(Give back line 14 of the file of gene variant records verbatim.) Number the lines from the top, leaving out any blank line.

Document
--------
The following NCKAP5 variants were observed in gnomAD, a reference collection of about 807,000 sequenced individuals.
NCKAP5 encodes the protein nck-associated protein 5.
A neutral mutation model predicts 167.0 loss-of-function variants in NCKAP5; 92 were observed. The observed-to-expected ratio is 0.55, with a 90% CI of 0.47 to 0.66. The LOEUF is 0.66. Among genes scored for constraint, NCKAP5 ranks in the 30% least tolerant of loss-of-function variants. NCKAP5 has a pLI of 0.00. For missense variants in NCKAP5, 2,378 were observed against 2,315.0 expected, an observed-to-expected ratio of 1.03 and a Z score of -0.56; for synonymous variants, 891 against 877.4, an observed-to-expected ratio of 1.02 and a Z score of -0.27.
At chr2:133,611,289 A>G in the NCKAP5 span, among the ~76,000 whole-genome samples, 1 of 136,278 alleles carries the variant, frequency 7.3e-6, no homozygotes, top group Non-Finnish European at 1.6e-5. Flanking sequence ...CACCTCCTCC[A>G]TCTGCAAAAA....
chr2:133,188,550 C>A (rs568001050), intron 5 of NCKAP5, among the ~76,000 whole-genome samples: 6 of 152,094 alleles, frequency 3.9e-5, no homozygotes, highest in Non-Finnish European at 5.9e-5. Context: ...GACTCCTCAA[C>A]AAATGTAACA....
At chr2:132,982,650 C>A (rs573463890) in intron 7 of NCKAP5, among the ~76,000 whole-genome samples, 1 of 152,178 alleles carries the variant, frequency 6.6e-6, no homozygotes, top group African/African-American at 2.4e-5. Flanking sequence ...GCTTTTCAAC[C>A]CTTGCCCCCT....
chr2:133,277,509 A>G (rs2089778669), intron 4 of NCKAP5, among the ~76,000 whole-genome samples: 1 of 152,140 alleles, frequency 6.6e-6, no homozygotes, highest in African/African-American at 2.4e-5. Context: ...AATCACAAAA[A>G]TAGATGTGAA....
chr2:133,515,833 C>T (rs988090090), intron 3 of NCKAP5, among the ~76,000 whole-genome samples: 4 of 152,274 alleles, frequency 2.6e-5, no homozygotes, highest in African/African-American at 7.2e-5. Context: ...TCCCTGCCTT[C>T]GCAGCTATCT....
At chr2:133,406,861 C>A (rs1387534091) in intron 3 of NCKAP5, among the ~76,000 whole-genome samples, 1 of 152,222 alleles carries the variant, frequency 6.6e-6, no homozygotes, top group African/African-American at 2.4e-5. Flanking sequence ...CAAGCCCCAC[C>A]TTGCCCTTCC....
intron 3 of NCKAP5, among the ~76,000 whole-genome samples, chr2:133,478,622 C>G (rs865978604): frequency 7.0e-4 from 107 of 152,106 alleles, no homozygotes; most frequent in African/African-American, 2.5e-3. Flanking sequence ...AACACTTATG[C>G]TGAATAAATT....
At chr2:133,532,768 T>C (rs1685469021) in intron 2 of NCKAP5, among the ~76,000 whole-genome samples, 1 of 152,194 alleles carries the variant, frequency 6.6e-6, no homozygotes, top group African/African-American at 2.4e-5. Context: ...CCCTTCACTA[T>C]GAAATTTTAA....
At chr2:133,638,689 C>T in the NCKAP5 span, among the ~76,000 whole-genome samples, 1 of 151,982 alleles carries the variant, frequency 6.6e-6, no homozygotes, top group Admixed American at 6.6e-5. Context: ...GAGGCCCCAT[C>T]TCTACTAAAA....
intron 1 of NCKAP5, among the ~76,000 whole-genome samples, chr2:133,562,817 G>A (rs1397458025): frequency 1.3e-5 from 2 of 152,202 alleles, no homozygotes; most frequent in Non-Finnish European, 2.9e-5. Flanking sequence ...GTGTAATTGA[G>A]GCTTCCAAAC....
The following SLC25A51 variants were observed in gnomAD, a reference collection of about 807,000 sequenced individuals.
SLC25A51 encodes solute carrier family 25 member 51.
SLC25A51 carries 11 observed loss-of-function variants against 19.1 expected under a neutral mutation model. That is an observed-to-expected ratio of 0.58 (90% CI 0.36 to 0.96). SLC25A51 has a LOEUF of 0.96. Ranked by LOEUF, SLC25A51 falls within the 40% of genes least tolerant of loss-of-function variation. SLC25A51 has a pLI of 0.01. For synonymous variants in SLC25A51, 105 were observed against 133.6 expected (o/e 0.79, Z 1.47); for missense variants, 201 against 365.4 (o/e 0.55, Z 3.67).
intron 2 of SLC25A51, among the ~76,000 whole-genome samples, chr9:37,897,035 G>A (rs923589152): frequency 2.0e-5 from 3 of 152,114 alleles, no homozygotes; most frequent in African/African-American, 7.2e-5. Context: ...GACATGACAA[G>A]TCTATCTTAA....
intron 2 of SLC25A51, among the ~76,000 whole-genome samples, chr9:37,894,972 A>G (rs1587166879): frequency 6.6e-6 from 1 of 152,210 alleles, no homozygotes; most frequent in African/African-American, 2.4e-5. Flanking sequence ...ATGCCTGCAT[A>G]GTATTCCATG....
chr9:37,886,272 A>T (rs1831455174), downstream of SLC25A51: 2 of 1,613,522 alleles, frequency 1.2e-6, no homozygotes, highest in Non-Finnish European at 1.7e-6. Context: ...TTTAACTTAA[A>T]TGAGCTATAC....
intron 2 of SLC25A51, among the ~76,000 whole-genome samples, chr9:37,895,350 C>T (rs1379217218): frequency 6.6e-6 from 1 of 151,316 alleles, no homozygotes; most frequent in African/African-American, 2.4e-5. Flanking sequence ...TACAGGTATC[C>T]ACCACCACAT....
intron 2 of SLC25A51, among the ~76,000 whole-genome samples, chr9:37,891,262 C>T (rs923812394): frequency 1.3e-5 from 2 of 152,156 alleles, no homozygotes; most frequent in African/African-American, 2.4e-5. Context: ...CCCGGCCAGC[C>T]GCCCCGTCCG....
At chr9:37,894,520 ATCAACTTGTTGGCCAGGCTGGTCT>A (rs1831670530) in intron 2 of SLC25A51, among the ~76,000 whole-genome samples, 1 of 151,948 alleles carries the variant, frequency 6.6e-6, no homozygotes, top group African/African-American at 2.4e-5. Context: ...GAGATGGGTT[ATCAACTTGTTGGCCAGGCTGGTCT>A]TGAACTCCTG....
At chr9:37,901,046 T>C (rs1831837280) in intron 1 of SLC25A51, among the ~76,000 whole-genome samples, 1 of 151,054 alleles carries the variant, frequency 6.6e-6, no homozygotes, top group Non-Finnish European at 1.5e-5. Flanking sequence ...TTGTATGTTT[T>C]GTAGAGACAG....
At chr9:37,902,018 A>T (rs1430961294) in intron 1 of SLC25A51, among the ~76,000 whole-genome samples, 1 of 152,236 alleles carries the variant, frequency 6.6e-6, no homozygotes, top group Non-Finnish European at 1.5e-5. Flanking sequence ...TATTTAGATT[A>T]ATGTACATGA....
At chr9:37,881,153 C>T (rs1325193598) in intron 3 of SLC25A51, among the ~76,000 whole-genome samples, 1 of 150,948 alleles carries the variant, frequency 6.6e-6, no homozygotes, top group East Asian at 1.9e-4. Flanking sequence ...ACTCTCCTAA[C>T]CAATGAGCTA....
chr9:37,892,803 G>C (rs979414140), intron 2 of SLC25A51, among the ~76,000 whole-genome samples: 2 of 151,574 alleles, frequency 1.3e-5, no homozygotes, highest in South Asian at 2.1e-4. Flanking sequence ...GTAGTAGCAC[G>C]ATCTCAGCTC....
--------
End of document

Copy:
The following SLC25A51 variants were observed in gnomAD, a reference collection of about 807,000 sequenced individuals.